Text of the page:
Masters of Maryland Tap
March 10 at 7:30 P.M. at the James Weldon Johnson Auditorium, Coppin State University, 2500 W. North Ave.
For more information, visit creativealliance.org.
Baltimore is justly proud of its music heritage. Eubie Blake, Chick Webb, Cab Calloway, Billie Holiday, and numerous other ragtime and jazz greats once called Baltimore home. But, in quieter fashion, the city once incubated another, related sort of artist: the tap dancer. Baltimore is the birthplace of at least three acknowledged masters of the form—“Baby Laurence” Jackson, Louis “Hawk” Hawkins, and James “Buster” Brown. On March 10, these tappers, all deceased, will finally be recognized in their hometown.
Masters of Maryland Tap, a showcase in their honor, will be held at Coppin State University. Co-sponsored by the Creative Alliance at the Patterson—with the support of the Maryland State Arts Council’s Maryland Traditions Program—the event will feature archival footage of the three dancers and live tap performances accompanied by the Frank Owens Trio and Michael Raitzyk on guitar. Actress Maria Broom (The Wire) will host, and Emmy Award-winning tapper Jason Samuels Smith (of Bring in ’Da Noise, Bring in ’Da Funk fame) will perform, as will Michael “Toes” Tiranoff and Tiranoff’s wife and fellow tap dancer Megan Haungs. DC Tap Festival founder Maud Arnold, Coppin tap teacher Quynn Johnson, and child tap prodigy Luke Spring (who recently performed on The Ellen Degeneres Show) will also appear.
The event is, in part, meant to highlight Coppin’s new dance major, which began accepting students last fall. The program will include a tap track. “I’ve been trying so desperately to get those kind of urban, grassroots courses onto the campus,” says Vanessa Coles, director of the dance program. “When students come into our program, they can do more traditional performance—mainstream ballet and modern—but we also want to give them the option to go into a more culture-centered area of study.” Coles says that Coppin State is only the second historically black university in the country to offer a dance major. (Howard University is the other.)
But for many involved in the show, the tribute is a personal one. In the early 1980s, long before founding the Creative Alliance, CA Program Director Megan Hamilton co-founded the Chesapeake Vaudeville Revue; the group included a lady sword swallower with a snake and two tap dancers, Hawk Hawkins and co-founder Toes Tiranoff. “Hawk was absolutely amazing,” Hamilton says. “He could capture any audience in any circumstance. I learned an awful lot about showmanship and what makes a really good charismatic performer from him. So when he died, I knew that I kind of owed him a tribute.” (Hamilton says the Creative Alliance has recently dedicated itself to doing some shows off-site as a form of outreach; the tap showcase is its first major project in this vein.)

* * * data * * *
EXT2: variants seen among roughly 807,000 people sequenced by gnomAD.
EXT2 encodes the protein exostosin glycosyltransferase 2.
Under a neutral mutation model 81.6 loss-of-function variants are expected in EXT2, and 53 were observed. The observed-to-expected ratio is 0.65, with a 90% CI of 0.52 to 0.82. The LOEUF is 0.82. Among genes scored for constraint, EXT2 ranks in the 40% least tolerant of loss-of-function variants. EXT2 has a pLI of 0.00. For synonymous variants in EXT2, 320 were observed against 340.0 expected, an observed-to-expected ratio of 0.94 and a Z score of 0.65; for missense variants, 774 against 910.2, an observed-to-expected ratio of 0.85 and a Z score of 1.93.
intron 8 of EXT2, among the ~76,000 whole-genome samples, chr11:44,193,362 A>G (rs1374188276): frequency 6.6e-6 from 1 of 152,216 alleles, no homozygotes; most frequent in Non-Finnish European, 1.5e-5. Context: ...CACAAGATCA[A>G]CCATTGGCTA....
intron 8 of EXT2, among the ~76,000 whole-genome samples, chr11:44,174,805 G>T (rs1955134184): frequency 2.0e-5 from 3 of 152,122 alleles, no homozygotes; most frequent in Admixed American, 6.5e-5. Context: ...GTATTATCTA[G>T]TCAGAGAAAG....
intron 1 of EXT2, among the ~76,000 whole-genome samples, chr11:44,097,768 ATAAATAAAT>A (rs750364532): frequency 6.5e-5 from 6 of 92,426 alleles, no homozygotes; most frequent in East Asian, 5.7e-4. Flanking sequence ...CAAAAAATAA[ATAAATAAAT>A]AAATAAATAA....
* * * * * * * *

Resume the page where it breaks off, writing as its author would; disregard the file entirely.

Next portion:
Tiranoff met Hawkins in 1978, and the two tappers ended up performing together off and on for some 15 years, some of those years in the revue. “Hawk just took me under his wing,” Tiranoff says. “My whole world was opened up when I met him.”
One emphasis of the show—which will include signature steps, routines, and songs of the three greats, as well as a good deal of improvisation—is the relationship between music and tap dance. “One thing that I want to emphasize is that all these dancers were incredible musicians,” Megan Haungs says. “Music and dance are so intertwined in tap dance. We really look at them together as a package.”
Tap’s musical roots are perhaps especially apparent in the career of Baby Laurence Jackson, one of the first tappers to adapt to the complex rhythms of bebop jazz. Jackson was heavily influenced by musicians such as Charlie Parker, and would imitate the rhythms of jazz pianists such as Art Tatum using his feet. He was known for improvising solos and trading fours with jazz musicians, a percussionist on the hoof. In 1959, he recorded an album of jazz standards, titled Dancemaster.
Jackson was born in Baltimore in 1921, and grew up tapping for money at the Royal Theatre on Pennsylvania Avenue and the Gayety Theatre on Baltimore Street. His early hoofing led him to an illustrious career; he performed with Count Basie, Dizzy Gillespie, Thelonious Monk, Charles Mingus, and many more. “People talk about Baby Laurence as arguably the greatest tap dancer in the history of the medium,” Hamilton says. (For a clip of Jackson dancing in Baltimore in 1972, visit tinyurl.com/babylaurence.)